This agreement was signed by the Canadian Pacific and Canadian National Railways along with the Government of Canada. This agreement recruited immigrants (including those non-preferred) to work for the railways. This resulted in many young Italian men to migrate to Canada.
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    Italian Immigration Statistics

    From 1928 to 1939, 6132 Italians migrated to Canada.
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    The Great Depression

    Like World War I and II, the Great Depression saw few Italians migrate to Canada. The poor (and soon to be worse) economic conditions forced the Government of Canada to strengthen restrictions on how many immigrants may enter Canada. Throughout this time, Italian family networks and careful budgeting helped migrants through unemployment and deprivation. This all soon changed with the introduction of fascism.
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    World War II, Fear of Fascism, and the War Measures Act

    Like World War I, immigration was close to non-existent within the War years. To make matters worse, Italy's alliance with Nazi Germany in World War II caused a Canadian fear and hostility towards fascism. Italians were categorized as 'enemy aliens' throughout the duration of the War, and hundreds even had their liberty suspended, as per the War Measures Act, were arrested and sent to internment camps. This discrimination pushed many Italians to anglicize their names and deny their nationality.
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    Italian Immigration Statistics

    From 1940 to 1949, 11384 Italians migrated to Canada.
  • Italians Removed from 'Enemy Aliens' Category

    In 1947, Italians were removed from the category of "enemy aliens" within Canada, a category they were particularly subject to due to the fear of Fascism during World War II. The removal sparked mass Italian immigration.
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    Italian Immigration Statistics

    From 1950 to 1959, 238563 Italians migrated to Canada.
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    Second Wave of Mass Italian Immigration

    The removal of Italians from the 'enemy alien' list and Canada's post-War economic boom forced the largest mass migration of Italians in Canadian history. The vast majority of migrants within this phase arrived through chain-migration (migrants were sponsored by relatives who are already in Canada) and remained permanent settlers of Canada. This phase saw over 454,000 Italians find homes, whether permanent or temporary, in Canada.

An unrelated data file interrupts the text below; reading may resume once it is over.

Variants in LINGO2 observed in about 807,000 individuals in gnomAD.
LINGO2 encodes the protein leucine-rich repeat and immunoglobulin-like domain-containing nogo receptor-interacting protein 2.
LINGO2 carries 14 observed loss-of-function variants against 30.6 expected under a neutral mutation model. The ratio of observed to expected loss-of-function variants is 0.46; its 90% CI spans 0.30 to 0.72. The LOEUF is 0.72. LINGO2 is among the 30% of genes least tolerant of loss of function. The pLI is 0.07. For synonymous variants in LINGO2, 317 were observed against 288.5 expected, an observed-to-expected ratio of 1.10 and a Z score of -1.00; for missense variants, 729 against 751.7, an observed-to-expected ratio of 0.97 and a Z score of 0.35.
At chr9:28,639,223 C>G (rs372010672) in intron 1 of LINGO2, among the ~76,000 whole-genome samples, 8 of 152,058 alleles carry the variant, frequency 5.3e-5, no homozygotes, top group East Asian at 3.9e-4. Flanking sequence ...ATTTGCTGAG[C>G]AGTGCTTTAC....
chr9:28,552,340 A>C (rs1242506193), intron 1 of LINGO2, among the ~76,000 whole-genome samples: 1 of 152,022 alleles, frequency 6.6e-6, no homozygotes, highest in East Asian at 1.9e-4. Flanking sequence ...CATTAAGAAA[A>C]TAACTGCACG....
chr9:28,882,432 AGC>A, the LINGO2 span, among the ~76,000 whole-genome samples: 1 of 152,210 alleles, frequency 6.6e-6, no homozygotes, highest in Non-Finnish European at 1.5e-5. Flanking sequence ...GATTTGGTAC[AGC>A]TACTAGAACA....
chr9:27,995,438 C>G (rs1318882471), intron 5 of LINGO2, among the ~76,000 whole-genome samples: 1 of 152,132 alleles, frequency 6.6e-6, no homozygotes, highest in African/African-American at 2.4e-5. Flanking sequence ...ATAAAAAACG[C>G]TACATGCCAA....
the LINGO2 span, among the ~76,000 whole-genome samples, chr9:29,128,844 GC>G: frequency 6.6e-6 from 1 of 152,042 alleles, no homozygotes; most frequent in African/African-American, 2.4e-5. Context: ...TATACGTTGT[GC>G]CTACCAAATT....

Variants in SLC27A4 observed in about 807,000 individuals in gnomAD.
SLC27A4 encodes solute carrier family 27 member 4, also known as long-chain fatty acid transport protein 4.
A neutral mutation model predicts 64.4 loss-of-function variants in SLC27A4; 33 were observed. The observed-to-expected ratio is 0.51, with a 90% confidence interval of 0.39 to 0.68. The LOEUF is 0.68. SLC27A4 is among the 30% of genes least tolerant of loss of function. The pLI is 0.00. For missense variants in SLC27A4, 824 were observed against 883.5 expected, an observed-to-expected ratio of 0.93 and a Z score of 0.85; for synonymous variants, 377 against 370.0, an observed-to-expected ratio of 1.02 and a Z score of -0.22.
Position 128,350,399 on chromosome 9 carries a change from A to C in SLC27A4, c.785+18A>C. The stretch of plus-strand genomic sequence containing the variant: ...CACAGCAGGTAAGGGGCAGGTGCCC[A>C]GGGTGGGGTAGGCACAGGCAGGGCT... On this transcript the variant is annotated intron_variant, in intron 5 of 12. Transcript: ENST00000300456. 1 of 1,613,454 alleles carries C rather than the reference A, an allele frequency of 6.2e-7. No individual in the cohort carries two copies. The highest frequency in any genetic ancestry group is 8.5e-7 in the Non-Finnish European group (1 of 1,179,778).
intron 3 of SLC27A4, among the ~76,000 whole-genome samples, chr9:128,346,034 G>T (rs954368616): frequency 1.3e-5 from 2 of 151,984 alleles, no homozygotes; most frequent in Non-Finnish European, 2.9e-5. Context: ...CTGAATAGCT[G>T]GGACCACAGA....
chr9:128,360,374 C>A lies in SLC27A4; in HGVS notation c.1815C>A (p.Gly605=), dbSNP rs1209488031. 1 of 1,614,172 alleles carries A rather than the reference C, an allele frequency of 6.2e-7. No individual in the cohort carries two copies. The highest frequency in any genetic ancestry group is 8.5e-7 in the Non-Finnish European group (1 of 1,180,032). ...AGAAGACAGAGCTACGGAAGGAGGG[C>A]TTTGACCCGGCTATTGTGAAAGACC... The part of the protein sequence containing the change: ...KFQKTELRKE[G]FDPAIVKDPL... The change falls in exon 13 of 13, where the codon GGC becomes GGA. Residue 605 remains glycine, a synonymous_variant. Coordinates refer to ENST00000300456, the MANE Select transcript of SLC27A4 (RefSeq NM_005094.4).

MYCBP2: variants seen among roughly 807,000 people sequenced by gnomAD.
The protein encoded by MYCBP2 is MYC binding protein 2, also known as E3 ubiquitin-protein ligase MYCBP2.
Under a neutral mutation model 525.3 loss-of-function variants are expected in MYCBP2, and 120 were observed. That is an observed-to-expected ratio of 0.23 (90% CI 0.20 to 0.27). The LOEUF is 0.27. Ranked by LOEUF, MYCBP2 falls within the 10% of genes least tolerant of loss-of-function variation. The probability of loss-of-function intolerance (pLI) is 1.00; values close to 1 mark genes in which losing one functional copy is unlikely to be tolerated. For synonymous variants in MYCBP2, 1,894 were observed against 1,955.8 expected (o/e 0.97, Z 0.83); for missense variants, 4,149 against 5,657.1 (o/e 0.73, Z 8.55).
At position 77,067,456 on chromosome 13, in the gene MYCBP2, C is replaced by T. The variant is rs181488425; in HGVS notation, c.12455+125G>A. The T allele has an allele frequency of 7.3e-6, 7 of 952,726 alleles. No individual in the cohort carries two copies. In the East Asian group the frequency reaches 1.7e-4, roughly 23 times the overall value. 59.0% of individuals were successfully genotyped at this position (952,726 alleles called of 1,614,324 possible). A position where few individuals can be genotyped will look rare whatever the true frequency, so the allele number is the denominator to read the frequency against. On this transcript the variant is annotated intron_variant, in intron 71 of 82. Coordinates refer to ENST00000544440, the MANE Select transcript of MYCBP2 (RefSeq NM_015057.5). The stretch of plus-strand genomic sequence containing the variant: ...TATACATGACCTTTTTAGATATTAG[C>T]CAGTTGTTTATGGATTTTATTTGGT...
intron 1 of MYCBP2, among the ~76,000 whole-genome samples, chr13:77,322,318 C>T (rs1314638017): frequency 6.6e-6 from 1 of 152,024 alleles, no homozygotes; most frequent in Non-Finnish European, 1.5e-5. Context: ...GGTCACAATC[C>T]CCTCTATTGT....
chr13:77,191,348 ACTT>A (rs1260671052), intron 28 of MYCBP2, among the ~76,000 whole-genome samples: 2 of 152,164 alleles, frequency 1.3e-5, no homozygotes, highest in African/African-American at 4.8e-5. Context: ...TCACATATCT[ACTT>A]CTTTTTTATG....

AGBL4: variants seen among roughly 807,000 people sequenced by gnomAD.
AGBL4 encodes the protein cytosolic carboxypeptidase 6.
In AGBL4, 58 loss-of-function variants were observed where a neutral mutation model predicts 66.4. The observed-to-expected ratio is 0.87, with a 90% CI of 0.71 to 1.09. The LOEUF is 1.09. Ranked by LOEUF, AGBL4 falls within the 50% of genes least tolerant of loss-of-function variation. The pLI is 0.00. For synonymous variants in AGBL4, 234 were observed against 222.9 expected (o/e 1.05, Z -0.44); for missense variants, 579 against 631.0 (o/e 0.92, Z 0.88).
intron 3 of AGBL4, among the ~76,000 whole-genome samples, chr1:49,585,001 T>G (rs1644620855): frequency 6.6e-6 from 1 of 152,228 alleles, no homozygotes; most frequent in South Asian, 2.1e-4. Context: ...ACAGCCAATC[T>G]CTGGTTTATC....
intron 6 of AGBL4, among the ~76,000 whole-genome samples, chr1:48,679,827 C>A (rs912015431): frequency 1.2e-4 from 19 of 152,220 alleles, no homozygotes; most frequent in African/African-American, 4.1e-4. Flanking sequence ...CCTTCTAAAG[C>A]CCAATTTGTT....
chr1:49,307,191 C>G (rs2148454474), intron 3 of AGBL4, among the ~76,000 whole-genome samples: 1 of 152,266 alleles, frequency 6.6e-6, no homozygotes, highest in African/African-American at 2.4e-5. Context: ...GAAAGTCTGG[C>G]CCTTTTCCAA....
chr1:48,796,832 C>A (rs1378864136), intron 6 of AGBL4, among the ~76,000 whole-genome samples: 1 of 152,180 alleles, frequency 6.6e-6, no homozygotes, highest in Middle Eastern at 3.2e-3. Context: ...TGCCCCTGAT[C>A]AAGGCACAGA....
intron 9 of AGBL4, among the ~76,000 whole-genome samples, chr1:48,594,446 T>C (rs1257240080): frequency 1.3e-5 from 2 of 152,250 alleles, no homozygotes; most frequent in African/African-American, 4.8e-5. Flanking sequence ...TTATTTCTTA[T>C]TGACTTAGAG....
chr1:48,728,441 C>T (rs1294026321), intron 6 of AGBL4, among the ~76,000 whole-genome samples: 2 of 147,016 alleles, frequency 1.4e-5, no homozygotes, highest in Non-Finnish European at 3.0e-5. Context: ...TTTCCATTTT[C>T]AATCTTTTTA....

• 1952 Immigration Act

    The 1952 Immigration Act expanded all previous laws, such as those regarding deportation on restriction. The Act also gave Government officials power to refuse immigration on grounds of nationality, ethnicity, and origin. Furthermore, an appeals process was created to hear appeals from deportation events.
  • Elia (Leo) De Summa comes to Canada

    Elia (Leo) De Summa comes to Canada
    Although many Italians came to Canada within the 1950s, none are as special as Elia De Summa (slight personal bias) coming to Canada. A native of Curinga, a small town in Calabria, Italy, Elia came to Canada for a better life for his future family. His future wife soon joined him, and he began a family in London, Ontario, being a father to four children and Nonno to five grandchildren. It was migrants like my Elia who helped create successful lives in Canada for future generations.
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    Italian Immigration Statistics

    From 1960 to 1971, 215861 Italians migrated to Canada.
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    Early Settlement

    Early Canadian settlement was difficult for many Italian immigrants. Particularly, the very different language and cultures between Canada and Italy had many Italians worried with unfamiliarity. Many Italians were associated with organized crime (mafia) and fascism, and received discrimination based off these prejudices. To move past this, many Italian immigrants looked to other Italian-Canadians for support, and formed/participated in cultured communities and organizations such as Little Italy.
  • 1962 Immigration Regulations

    In 1962, the Minister of Citizenship and Immigration, Ellen Fairclough, implemented regulations to immigration that "removed most racial discrimination, although Europeans retained the right to sponsor a wider range of relatives than others." (Canadian Council for Refugees, 2000, Web).
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    Immigration Slows Down

    With the creation of the points system in 1967, immigration decreased significantly as it limited the range of relatives who could receive sponsorship for migration, the process by which many Italians came to Canada in prior years. Furthermore, Italian migration was also slowed as the Italian economy began to grow and recover in the late 1960s. This removed one of the major pull factors for immigration and kept many Italians in their native land.
  • Introduction of the Points System

    Lester B. Pearson's Liberal caucus incorporated the points system (which is still present today). This eliminated any remaining forms of racial discrimination regarding immigration and also allowed visitors to apply for immigrant status within Canada.
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    Modern Day

    Today, not only is Italian migration steady, but the Italian-Canadian community has also largely been involved within the social cultural, and economic makeup of Canada. This can be seen with the advocacy for safe labour conditions, as well many forms of media, such as OMNI and Telelatino. This productivity within the Italian-Canadian community has played a strong hand in the sustainability of Italian ethnicity and culture to this day, and also for future generations.